NPD research: Students’ satisfaction with on-campus dining lags quick serve restaurant ratings

Students rate taste and flavor of food lower at on-campus dining halls than QSRs.

College and university dining halls have their work cut out for them as young consumers with sophisticated and discerning taste buds expect more from their college dining halls. According to The NPD Group, a market research company that continually tracks consumer usage of commercial and non-commercial foodservice outlets, college students give the quality of food and beverages at college dining halls lower satisfaction ratings than chain and campus-based restaurants. Whether the satisfaction ratings are based on perception or reality, there is a significant opportunity for on-campus dining services to improve their customer satisfaction.

College-age students have become savvy about dining out and are among the most frequent restaurant visitors. Quick service restaurants (QSR) have been working to meet the needs of this sought after age group by improving operations and adding higher quality food and beverage items, and yet young adult’s satisfaction with QSRs overall has only increased minimally since 2002, NPD reports. Young adults are even less satisfied with college dining halls, according to NPD’s CREST OnSite® service, which tracks usage of foodservice at colleges and universities, business and industry, secondary schools, hospitals, lodging, recreation, senior care, military, and vending segments.

NPD’s CREST OnSite finds student satisfaction ratings for food attributes -- taste and flavor, quality – at college dining halls under perform compared to the major quick-service chain industry average. Aspects of beverage offerings – choice and quality of beverages – are rated somewhat better but still under perform relative to QSRs. Even on-campus restaurants, both chain and independent, are rated lower than the QSR industry benchmark.

With restaurants shaping young adults’ expectations on what should be available to them when they dine at school, college food providers have tough competition but also the opportunity to reverse negative perceptions by improving the quality of the food and beverages served. It may also be a case of making students aware of the quality of the food with more aggressive marketing such as tastings/sampling, ads, or use of social media. What college and university dining halls have going for them is convenience, which students consistently rank high in customer satisfaction. Students should be continually reminded of this benefit.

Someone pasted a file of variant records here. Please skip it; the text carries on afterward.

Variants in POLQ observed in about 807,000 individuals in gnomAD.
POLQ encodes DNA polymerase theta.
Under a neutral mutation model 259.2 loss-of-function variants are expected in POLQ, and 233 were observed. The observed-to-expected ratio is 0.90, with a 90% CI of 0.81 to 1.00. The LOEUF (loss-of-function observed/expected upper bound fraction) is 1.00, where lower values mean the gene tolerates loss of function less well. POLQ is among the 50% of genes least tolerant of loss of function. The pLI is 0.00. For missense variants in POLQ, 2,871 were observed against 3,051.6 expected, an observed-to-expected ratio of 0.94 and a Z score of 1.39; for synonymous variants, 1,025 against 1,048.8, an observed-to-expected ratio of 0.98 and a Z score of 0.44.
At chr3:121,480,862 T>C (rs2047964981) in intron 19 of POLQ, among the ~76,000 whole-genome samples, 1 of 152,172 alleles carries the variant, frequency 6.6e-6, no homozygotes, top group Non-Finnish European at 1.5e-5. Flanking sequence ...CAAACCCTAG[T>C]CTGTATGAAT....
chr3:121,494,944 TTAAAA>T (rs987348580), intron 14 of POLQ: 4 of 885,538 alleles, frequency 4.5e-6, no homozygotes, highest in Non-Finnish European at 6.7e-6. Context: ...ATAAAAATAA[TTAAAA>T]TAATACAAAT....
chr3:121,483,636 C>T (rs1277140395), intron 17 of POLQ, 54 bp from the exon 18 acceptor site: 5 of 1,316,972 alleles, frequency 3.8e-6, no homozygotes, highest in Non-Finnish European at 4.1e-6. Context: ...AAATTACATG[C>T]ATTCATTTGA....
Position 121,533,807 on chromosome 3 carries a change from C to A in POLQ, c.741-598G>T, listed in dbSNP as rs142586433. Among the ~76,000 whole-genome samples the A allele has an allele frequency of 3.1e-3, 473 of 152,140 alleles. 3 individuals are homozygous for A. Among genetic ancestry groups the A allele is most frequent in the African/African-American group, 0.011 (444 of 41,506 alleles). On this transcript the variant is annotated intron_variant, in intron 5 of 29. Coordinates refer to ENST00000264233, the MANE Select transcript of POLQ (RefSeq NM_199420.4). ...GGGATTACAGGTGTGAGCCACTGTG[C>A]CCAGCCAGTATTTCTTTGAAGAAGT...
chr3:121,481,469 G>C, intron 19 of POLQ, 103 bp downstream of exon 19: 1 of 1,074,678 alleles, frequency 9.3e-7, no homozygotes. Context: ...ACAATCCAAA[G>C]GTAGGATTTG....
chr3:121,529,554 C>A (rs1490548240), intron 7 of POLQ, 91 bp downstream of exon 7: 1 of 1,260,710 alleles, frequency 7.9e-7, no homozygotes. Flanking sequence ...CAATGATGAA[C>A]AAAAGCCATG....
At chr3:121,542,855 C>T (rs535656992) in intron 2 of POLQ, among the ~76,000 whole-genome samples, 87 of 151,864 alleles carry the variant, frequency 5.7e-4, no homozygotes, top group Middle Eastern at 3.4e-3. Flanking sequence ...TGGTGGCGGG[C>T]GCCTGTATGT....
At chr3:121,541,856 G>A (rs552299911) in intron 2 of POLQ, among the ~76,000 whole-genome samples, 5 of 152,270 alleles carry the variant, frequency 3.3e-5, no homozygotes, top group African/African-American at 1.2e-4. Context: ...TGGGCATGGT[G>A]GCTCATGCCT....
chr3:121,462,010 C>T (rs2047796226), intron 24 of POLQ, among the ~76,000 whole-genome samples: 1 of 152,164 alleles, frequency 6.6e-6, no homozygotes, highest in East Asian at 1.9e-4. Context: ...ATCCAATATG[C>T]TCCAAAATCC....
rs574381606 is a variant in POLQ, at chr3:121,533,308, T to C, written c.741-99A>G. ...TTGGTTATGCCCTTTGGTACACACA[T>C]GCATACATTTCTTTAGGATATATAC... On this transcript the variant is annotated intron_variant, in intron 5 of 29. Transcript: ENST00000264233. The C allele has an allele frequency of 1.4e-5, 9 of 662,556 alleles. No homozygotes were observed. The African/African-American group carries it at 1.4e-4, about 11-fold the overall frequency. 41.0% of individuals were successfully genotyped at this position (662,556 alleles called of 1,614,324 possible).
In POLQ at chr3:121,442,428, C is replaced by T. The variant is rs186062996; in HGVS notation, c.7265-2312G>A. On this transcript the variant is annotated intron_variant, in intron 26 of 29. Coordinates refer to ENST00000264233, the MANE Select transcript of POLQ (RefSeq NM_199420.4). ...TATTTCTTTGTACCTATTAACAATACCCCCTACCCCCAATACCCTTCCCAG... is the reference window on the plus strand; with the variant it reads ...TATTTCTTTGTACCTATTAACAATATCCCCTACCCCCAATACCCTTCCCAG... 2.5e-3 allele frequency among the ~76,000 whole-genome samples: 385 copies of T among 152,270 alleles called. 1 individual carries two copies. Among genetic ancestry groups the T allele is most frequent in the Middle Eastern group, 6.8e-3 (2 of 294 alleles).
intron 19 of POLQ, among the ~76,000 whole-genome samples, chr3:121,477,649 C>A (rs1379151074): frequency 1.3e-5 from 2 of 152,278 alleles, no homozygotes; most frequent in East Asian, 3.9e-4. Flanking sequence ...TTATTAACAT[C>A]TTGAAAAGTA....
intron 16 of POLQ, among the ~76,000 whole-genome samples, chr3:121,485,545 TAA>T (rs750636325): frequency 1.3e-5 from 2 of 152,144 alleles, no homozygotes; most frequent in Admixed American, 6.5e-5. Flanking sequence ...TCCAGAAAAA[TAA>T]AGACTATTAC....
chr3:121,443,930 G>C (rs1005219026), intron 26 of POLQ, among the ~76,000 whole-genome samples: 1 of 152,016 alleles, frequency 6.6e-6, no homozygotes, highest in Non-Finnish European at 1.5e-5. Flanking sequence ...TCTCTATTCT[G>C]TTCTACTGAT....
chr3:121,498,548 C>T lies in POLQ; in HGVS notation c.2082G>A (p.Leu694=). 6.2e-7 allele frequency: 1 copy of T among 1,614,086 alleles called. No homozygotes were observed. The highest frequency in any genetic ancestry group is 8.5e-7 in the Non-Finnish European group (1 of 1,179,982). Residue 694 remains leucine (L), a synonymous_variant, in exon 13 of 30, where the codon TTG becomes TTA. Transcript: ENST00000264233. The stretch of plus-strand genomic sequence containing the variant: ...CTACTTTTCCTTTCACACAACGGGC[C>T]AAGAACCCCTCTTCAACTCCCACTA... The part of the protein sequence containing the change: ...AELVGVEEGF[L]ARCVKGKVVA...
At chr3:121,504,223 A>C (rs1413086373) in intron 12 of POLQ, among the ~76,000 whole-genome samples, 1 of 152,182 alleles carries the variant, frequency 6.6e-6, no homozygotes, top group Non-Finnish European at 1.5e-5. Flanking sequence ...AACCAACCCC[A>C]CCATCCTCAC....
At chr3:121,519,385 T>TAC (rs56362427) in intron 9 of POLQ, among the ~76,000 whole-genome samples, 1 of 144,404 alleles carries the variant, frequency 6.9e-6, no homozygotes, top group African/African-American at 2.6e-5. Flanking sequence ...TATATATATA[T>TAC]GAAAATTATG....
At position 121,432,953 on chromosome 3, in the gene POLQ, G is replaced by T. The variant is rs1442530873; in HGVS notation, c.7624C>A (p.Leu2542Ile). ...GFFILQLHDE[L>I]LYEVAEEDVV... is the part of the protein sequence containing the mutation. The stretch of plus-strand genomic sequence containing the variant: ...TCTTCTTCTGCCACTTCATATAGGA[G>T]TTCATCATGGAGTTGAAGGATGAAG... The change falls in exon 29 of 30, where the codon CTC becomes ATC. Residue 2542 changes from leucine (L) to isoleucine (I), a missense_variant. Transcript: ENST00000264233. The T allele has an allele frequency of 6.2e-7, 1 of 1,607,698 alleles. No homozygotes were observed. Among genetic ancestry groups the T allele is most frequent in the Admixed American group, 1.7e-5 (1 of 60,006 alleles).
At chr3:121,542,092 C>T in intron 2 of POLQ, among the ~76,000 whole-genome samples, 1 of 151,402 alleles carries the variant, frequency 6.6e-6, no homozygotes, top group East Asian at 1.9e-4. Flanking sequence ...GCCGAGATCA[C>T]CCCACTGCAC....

More From FoodService Director

Managing Your Business
alumni worker

It’s a sure sign that a school is doing something right when its students want to come back and work as adults. From the standpoint of the foodservice director, though, there is plenty to gain from retaining homegrown talent—call it the ultimate return on investment. In the wake of back-to-school season, two dining programs with a robust alumni contingent share their thoughts on hiring former customers.

Local expertise

At Georgia Southern University, about one-third of Eagle Dining Services’ 107 full-time employees are alumni. “They way we do things on our campus may be very...

Managing Your Business
business ladder climbing illustration

Recruiting talent is only half the battle for Mike Folino, associate director of nutrition services at The Ohio State University Wexner Medical Center in Columbus, Ohio. Once he’s attracted good employees, providing clear opportunities for advancement can help retain them—but knowing when to bring up the topic in conversation can be tricky.

Prior to hiring

Folino likes to touch on advancement during the initial interview process, but the extent to which he does so changes case by case. “I have had interviews where we knew right away that we needed to discuss our structure and...

Ideas and Innovation
woman surprise

When I joined the staff at FoodService Director in the spring of 2015, I couldn’t believe how much there was to learn about the intricacies of the industry. My past experience, from kindergarten to my college days to on-the-job meals, would lead me to believe that noncommercial dining was a kind of automated process—an amenity that’s expected, and one you only become aware of if something goes wrong.

But as with my own household chores, there are no magical elves making sure the business of feeding students, seniors and hospital patients is done, and done well. Foodservice...

Managing Your Business
hands team

In November, students at University of Missouri in Columbia began leading protests against discrimination faced by people of color on campus—including some marches through the dining halls. Julaine Kiehn, director of the school’s campus dining services, said the 2015-16 school year was a tough one, but she was proud of MU’s students for being at the forefront of a national movement.

And not only did the protests launch important conversations with students, but also with staff. Kiehn heard the protests and thought that her student workers, at least, might not feel safe and welcome...

FSD Resources